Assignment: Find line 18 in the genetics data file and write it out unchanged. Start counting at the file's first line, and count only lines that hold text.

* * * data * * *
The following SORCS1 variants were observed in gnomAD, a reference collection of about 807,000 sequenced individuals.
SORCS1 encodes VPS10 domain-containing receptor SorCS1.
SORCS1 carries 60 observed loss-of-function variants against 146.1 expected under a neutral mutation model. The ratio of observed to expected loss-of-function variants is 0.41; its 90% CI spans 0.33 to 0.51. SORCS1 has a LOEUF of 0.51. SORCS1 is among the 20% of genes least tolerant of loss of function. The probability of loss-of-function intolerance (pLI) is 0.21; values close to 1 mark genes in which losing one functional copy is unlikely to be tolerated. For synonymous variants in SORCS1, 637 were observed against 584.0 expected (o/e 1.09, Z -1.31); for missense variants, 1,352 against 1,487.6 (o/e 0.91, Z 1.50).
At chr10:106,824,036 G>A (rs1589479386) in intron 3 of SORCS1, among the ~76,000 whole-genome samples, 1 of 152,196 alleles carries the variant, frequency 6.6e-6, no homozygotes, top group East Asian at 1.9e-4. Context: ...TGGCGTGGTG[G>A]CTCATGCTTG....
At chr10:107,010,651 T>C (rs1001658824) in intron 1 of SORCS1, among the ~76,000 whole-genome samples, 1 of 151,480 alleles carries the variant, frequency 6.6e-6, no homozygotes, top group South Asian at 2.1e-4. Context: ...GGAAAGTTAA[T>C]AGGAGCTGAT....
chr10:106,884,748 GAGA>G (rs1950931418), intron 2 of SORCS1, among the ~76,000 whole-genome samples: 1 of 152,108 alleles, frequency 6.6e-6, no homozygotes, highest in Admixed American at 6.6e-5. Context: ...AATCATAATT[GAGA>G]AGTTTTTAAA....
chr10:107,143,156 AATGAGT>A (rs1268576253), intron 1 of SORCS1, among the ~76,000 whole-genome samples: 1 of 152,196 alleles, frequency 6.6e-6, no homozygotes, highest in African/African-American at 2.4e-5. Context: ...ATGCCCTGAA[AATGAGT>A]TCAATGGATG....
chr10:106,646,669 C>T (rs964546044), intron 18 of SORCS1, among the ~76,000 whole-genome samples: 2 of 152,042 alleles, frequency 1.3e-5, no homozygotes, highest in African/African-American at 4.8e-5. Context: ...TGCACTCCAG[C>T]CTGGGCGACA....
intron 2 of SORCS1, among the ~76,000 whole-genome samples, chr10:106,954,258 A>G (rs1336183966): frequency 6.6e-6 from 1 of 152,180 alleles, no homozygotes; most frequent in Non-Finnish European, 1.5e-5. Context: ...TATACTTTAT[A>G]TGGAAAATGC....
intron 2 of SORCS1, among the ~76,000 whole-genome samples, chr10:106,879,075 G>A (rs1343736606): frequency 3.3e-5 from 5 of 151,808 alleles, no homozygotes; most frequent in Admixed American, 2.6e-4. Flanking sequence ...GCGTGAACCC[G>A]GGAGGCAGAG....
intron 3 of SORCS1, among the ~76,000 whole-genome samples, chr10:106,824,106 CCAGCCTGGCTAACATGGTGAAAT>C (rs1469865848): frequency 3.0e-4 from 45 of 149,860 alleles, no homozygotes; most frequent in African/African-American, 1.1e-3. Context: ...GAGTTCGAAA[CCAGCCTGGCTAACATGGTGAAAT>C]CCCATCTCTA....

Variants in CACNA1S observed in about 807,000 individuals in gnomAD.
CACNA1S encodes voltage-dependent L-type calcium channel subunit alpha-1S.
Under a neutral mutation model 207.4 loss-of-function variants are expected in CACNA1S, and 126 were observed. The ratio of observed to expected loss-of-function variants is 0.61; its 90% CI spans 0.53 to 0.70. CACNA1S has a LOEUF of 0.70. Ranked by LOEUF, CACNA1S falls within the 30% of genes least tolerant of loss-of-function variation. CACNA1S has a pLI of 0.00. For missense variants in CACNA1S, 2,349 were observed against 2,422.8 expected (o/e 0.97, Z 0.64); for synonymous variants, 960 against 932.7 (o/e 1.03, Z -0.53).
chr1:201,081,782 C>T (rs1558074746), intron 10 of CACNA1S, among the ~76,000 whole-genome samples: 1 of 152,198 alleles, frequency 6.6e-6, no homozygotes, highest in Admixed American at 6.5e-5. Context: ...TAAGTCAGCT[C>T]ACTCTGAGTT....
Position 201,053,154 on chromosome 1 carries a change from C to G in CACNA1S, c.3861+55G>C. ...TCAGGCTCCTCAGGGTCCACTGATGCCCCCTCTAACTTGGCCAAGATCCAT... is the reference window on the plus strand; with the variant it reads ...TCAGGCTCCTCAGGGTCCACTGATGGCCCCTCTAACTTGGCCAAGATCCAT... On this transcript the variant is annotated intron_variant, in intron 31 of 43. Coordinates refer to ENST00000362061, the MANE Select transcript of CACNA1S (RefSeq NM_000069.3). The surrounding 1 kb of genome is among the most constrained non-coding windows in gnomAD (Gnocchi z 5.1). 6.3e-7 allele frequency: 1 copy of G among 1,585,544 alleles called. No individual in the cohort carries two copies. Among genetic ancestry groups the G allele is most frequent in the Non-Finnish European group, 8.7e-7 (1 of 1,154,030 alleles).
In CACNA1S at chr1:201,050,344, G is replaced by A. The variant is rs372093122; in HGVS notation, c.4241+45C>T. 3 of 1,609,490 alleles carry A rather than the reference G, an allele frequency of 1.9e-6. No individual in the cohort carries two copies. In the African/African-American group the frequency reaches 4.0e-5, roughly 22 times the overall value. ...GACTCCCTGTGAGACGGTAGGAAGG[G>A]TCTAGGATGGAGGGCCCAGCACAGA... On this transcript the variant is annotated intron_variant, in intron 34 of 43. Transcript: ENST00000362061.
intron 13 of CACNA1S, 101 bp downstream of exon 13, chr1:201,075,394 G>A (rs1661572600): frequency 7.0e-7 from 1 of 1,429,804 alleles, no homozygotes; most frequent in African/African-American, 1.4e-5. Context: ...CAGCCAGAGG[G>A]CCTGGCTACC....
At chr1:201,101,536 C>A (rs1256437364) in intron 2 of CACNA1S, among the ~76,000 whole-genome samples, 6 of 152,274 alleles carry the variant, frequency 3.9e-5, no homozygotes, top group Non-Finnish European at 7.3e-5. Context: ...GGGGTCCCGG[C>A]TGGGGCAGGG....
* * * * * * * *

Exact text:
intron 13 of CACNA1S, 101 bp downstream of exon 13, chr1:201,075,394 G>A (rs1661572600): frequency 7.0e-7 from 1 of 1,429,804 alleles, no homozygotes; most frequent in African/African-American, 1.4e-5. Context: ...CAGCCAGAGG[G>A]CCTGGCTACC....